Some states are starting to reopen as the U.S. closes a million coronavirus cases

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Some states are carrying out a delicate experiment this weekend: trying to reopen certain companies and certain services in the midst of the coronavirus pandemic, even against the advice of certain health experts who affirm that this could dangerously increase the number of cases .

Bing COVID-19 tracker: latest figures by country and state

In Georgia, Tammy Noboa took advantage of her state’s blessing to open her hair salon after weeks of closure – and said it was not difficult to do so.

” I have to work. I have bills to pay, “said Noboa, who agreed to seven meetings on Saturday at his recently reopened Dominican hair salon in Douglasville.

Georgia is one of the states that allowed some companies to reopen Friday, weeks after they closed, to prevent the spread of the coronavirus.

According to Johns Hopkins University, more than 53,600 deaths from Covid-19 have been reported in the United States to date, and more than 200,000 deaths have been reported worldwide. The United States has reported more than 938,600 cases of the disease.

Georgian businesses allowed to reopen include places where customers and workers meet: hair and hair salons, tattoo parlors, gymnasiums and bowling alleys – with guidelines for social estrangement and sanitation.

In Oklahoma, salons, hair salons, spas and pet groomers made an appointment on Friday, and some state parks and outdoor recreation areas also reopened.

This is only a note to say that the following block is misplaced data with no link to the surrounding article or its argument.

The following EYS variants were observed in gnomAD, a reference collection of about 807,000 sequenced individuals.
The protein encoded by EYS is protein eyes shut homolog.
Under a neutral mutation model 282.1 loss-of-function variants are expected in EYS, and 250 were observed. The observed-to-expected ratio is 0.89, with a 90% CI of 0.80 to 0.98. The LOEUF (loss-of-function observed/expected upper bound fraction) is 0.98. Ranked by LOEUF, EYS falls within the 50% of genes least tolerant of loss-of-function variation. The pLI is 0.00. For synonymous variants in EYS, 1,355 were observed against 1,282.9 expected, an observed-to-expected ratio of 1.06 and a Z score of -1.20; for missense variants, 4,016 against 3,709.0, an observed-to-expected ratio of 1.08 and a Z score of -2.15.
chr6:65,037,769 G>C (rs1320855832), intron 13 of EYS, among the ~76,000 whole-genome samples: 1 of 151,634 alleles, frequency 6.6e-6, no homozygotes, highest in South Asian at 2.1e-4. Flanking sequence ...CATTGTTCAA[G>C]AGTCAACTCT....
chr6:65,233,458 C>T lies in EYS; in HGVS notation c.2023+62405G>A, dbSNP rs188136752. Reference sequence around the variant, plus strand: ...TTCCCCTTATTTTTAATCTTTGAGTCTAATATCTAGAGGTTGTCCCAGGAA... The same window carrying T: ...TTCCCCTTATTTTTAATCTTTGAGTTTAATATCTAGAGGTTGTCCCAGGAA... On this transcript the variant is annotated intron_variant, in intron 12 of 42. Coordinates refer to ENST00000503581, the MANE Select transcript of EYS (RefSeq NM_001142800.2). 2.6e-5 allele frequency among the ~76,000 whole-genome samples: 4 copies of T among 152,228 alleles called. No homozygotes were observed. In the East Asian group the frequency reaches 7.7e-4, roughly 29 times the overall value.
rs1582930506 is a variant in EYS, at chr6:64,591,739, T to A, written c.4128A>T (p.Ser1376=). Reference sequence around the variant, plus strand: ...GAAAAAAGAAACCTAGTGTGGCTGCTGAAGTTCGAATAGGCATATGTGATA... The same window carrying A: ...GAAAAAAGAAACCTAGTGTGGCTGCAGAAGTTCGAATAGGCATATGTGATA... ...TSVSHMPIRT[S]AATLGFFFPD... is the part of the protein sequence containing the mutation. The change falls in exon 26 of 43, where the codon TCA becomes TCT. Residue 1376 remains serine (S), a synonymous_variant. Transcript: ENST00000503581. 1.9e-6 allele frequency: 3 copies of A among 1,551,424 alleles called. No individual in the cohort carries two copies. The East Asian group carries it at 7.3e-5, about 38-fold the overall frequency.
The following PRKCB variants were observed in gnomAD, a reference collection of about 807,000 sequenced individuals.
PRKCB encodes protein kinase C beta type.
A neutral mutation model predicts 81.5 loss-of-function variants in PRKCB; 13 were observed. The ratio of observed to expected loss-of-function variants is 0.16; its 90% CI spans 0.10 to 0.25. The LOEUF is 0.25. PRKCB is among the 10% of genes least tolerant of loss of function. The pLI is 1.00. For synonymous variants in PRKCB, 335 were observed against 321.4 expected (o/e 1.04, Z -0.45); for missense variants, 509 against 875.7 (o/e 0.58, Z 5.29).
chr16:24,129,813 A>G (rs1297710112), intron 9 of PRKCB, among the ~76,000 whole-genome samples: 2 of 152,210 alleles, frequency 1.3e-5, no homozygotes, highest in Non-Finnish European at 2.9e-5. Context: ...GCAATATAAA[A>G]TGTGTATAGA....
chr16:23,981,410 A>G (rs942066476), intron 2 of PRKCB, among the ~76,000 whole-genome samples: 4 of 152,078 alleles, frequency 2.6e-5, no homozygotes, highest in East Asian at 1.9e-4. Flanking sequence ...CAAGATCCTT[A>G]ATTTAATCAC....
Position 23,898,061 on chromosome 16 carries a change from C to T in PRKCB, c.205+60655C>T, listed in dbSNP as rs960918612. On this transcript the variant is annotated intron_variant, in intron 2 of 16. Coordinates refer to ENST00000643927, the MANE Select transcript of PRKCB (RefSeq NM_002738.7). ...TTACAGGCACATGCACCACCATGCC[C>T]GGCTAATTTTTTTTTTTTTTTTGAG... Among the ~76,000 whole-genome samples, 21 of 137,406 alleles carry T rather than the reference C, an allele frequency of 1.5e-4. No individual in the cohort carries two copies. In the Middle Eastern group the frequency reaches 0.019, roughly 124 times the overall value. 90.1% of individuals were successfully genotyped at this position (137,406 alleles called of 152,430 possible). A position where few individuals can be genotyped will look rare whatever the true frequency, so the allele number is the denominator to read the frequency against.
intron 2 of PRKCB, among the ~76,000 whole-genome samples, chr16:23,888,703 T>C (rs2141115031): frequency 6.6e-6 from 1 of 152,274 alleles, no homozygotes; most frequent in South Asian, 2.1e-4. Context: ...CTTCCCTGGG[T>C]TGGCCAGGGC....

The actions taken by the states go against the advice of experts who have led a model at the University of Washington, suggesting that no state should reopen their economies before May 1 and that many should wait longer.

Georgia is not expected to reopen until June 22 at least, according to those behind the model at the university’s Institute for Metrology and Health Assessment.

In the city of Brookhaven, in the Atlanta area, Mayor John Ernst prefers that non-essential businesses remain closed until his state proves that it is meeting federal guidelines, calling for milestones as a trend towards 14-day drop in coronavirus cases.

“Even the (business owners) who open up say,” I don’t know if I’m doing the right thing, “said Ernst on Saturday. “(Reopening) must be an orderly process. “

Atlanta Mayor Keisha Lance Bottoms on Friday evening bluntly told CNN’s Wolf Blitzer that people should ignore the governor’s plan, saying, “Stay at home, nothing has changed.”

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Georgia and Oklahoma are not alone